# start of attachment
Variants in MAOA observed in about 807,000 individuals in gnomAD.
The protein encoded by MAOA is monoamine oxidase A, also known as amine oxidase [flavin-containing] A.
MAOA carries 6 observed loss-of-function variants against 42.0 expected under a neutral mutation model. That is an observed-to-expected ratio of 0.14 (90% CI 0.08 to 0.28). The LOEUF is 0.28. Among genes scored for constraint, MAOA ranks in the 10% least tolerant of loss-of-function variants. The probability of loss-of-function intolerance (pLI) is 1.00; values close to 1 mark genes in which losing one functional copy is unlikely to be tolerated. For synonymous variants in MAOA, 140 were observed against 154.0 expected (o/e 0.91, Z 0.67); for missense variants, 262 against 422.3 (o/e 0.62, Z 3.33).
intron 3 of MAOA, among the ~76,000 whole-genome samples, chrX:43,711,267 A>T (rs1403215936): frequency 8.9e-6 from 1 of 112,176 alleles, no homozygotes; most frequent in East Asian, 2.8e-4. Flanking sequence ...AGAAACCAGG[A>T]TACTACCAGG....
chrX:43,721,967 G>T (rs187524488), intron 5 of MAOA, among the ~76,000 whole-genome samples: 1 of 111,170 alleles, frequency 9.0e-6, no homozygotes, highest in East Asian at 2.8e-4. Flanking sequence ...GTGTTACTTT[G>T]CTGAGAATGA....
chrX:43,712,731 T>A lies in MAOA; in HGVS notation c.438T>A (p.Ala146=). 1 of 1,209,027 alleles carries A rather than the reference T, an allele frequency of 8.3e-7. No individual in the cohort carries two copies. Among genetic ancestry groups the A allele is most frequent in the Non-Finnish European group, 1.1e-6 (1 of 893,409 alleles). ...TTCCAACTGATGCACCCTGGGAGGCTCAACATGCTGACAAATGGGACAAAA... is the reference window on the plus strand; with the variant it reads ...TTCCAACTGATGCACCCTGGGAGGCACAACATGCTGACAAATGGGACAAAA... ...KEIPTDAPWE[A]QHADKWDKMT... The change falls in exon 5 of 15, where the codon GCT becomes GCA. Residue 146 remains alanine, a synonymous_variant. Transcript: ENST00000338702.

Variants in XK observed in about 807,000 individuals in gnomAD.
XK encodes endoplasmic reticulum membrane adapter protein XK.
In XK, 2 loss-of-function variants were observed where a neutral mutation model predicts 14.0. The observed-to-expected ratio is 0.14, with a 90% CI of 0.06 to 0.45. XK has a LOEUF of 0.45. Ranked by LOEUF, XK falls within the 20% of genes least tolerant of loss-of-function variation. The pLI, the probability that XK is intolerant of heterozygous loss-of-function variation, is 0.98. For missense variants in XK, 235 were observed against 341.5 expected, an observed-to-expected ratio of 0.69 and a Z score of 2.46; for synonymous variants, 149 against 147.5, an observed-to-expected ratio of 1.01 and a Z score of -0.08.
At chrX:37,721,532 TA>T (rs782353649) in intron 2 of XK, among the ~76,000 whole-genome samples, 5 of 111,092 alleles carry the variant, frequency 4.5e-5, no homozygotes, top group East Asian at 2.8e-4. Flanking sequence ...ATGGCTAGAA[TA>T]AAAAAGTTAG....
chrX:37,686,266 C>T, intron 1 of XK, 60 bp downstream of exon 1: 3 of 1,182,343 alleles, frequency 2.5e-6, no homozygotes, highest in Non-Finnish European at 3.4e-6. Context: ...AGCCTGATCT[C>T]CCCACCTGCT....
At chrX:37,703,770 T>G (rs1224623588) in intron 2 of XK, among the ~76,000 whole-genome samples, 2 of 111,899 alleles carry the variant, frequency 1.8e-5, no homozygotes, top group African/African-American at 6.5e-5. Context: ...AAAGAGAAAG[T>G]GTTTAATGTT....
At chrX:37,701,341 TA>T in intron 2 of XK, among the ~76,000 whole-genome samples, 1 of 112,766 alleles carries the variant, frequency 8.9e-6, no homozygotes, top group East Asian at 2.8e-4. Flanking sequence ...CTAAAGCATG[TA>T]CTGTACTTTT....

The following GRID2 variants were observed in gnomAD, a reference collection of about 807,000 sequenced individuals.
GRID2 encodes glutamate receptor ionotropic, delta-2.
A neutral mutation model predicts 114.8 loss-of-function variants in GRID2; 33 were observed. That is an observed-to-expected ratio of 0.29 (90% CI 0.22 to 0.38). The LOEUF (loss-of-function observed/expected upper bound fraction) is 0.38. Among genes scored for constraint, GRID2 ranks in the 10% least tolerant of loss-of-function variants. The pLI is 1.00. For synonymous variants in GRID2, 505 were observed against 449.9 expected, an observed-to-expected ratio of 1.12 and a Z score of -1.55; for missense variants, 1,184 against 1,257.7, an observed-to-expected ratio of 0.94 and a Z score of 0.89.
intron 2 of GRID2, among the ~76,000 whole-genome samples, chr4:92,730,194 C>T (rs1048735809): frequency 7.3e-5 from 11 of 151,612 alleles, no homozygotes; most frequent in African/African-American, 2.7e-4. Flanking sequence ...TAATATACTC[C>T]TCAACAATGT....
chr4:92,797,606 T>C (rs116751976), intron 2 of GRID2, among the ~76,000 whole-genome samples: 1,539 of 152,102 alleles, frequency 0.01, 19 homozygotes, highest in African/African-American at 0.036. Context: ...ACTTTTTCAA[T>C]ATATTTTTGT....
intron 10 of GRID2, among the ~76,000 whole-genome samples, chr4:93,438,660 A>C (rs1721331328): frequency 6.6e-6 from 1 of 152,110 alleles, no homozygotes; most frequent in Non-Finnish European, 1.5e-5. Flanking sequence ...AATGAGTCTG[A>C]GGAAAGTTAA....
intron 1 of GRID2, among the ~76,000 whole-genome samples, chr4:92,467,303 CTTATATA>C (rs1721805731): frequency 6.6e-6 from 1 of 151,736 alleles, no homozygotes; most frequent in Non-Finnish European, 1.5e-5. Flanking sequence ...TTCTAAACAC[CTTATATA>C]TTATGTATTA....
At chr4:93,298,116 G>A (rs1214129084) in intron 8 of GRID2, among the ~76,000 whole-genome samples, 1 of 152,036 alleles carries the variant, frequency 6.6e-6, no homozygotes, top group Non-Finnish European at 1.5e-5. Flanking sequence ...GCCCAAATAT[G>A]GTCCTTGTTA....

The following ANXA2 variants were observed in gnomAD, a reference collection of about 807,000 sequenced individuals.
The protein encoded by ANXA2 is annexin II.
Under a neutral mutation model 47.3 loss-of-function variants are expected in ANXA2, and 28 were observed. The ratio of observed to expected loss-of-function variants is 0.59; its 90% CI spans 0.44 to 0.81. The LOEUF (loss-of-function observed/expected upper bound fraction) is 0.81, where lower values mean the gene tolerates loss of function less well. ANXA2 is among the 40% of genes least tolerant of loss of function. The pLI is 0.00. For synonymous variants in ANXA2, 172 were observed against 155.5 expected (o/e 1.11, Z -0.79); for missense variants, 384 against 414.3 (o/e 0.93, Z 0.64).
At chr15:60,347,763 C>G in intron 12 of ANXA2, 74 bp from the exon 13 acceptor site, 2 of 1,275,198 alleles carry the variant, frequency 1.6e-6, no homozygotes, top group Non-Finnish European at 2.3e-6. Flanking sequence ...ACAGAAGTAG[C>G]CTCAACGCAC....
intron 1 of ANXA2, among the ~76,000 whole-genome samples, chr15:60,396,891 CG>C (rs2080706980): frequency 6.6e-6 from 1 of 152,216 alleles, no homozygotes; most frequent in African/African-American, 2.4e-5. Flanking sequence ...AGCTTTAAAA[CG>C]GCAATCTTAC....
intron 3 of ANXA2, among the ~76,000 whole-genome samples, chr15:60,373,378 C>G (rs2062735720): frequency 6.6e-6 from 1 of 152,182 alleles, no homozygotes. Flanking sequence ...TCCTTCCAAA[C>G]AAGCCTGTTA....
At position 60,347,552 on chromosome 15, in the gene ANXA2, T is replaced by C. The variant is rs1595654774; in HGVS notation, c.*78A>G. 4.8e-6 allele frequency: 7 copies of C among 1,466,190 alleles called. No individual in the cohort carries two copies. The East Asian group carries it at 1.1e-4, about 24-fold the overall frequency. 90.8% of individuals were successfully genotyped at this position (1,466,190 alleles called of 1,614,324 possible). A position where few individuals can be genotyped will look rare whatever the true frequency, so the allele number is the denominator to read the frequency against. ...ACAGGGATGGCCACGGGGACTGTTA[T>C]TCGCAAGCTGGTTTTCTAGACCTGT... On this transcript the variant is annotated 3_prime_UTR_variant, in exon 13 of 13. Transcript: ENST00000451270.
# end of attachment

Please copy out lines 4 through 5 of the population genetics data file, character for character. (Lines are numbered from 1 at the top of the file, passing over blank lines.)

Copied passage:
intron 3 of MAOA, among the ~76,000 whole-genome samples, chrX:43,711,267 A>T (rs1403215936): frequency 8.9e-6 from 1 of 112,176 alleles, no homozygotes; most frequent in East Asian, 2.8e-4. Flanking sequence ...AGAAACCAGG[A>T]TACTACCAGG....
chrX:43,721,967 G>T (rs187524488), intron 5 of MAOA, among the ~76,000 whole-genome samples: 1 of 111,170 alleles, frequency 9.0e-6, no homozygotes, highest in East Asian at 2.8e-4. Flanking sequence ...GTGTTACTTT[G>T]CTGAGAATGA....